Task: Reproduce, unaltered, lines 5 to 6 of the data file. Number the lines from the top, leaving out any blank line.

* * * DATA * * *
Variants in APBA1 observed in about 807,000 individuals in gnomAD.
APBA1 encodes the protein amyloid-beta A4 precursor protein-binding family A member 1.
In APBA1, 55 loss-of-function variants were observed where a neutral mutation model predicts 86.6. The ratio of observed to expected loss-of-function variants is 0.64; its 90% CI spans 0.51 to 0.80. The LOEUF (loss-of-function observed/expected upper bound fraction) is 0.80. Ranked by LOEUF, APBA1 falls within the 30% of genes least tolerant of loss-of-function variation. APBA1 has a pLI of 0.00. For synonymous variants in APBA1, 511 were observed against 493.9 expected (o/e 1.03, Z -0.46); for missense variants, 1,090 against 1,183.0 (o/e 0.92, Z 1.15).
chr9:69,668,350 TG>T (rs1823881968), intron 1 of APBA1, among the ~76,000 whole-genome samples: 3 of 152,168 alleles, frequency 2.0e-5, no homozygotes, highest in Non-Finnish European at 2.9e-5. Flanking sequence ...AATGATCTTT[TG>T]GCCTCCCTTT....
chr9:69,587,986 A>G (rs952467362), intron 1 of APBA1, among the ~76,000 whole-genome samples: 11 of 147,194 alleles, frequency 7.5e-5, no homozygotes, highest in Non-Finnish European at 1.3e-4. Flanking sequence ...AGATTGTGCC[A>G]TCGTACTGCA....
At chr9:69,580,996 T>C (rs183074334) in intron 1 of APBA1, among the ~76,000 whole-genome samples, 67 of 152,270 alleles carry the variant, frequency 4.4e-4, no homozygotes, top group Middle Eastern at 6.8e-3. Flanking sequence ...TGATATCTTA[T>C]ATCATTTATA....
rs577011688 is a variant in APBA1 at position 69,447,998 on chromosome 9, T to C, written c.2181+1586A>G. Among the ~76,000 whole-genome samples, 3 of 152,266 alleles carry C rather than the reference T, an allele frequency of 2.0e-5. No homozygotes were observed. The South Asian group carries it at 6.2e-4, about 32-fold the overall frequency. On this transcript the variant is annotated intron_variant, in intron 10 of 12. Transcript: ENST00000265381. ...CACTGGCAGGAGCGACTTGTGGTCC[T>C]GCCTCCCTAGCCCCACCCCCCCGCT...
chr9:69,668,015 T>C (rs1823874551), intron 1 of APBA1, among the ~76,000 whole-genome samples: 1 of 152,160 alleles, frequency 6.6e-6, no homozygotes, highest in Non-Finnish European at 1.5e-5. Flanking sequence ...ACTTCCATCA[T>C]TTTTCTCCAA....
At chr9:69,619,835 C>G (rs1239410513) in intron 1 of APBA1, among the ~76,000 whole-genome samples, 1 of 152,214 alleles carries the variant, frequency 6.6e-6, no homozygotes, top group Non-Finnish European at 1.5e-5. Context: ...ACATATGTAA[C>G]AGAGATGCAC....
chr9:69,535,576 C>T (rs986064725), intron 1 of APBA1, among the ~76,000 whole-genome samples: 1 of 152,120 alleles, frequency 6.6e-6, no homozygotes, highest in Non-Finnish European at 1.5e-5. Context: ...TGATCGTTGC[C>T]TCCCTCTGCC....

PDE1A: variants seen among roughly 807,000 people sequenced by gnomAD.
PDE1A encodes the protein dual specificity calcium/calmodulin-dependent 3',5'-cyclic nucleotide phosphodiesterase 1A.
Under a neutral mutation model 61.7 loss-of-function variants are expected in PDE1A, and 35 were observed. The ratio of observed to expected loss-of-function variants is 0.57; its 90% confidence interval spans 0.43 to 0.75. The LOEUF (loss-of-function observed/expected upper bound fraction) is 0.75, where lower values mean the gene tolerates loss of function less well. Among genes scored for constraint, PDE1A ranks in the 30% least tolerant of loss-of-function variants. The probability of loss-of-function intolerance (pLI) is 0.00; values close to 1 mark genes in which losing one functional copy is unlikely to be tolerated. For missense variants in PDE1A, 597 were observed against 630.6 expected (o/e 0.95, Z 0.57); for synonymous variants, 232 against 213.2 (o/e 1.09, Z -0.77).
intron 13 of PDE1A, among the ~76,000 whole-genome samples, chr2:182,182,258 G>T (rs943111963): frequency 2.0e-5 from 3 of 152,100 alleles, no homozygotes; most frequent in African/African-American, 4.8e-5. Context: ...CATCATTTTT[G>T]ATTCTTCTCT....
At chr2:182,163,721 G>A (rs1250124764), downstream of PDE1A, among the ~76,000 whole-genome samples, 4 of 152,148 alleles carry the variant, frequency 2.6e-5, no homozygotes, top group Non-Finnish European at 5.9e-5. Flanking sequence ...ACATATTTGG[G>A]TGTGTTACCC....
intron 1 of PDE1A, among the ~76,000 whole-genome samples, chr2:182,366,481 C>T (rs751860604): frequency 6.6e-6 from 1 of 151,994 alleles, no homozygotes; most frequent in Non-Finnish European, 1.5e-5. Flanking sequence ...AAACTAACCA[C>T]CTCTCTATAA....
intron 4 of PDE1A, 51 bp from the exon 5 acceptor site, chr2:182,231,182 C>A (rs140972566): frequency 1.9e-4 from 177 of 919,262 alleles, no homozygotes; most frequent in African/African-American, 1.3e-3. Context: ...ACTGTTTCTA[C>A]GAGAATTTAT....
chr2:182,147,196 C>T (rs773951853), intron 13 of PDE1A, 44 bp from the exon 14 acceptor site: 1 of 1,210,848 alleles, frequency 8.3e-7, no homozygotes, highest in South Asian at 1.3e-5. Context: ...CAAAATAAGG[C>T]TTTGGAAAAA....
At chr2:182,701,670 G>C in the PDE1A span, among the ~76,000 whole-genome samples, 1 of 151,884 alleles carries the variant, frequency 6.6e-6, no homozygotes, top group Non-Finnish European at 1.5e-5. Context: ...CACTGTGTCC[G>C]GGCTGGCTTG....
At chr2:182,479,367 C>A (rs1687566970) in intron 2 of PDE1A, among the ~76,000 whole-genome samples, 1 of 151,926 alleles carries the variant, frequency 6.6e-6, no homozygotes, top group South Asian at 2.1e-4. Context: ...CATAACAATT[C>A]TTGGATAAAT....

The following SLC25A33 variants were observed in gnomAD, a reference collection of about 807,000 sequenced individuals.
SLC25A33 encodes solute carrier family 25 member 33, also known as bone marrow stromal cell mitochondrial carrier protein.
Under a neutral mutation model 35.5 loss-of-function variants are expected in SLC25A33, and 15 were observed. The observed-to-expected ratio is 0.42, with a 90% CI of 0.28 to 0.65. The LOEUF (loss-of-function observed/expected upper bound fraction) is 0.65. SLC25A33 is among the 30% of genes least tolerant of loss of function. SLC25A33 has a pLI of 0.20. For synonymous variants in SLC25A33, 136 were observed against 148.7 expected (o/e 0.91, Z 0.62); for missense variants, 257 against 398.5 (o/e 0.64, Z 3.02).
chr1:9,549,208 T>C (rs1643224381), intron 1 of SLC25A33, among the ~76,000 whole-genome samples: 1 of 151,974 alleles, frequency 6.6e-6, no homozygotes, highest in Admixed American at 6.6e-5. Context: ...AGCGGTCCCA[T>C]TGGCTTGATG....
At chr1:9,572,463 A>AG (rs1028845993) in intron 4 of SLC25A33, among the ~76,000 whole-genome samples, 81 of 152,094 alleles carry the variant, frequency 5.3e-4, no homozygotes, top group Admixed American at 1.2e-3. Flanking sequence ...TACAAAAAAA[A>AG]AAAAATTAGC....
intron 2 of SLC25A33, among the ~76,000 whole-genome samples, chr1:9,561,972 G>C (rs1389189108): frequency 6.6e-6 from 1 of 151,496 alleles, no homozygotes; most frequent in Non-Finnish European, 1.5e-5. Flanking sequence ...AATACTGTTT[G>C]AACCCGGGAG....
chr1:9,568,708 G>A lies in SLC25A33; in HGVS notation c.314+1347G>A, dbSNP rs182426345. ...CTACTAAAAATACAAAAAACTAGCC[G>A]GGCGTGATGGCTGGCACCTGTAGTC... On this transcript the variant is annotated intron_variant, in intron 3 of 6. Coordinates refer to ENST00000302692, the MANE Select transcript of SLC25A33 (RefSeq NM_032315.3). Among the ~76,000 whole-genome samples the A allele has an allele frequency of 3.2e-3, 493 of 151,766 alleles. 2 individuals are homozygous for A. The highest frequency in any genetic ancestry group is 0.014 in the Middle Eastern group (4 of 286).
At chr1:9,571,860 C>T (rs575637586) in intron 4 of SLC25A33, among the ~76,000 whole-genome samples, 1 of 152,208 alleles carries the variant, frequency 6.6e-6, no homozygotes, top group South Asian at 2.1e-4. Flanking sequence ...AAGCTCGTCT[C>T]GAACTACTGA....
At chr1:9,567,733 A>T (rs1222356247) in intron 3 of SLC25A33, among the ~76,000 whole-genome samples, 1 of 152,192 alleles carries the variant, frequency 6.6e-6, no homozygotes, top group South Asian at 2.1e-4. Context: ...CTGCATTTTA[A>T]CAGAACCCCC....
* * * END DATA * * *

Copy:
chr9:69,587,986 A>G (rs952467362), intron 1 of APBA1, among the ~76,000 whole-genome samples: 11 of 147,194 alleles, frequency 7.5e-5, no homozygotes, highest in Non-Finnish European at 1.3e-4. Flanking sequence ...AGATTGTGCC[A>G]TCGTACTGCA....
At chr9:69,580,996 T>C (rs183074334) in intron 1 of APBA1, among the ~76,000 whole-genome samples, 67 of 152,270 alleles carry the variant, frequency 4.4e-4, no homozygotes, top group Middle Eastern at 6.8e-3. Flanking sequence ...TGATATCTTA[T>C]ATCATTTATA....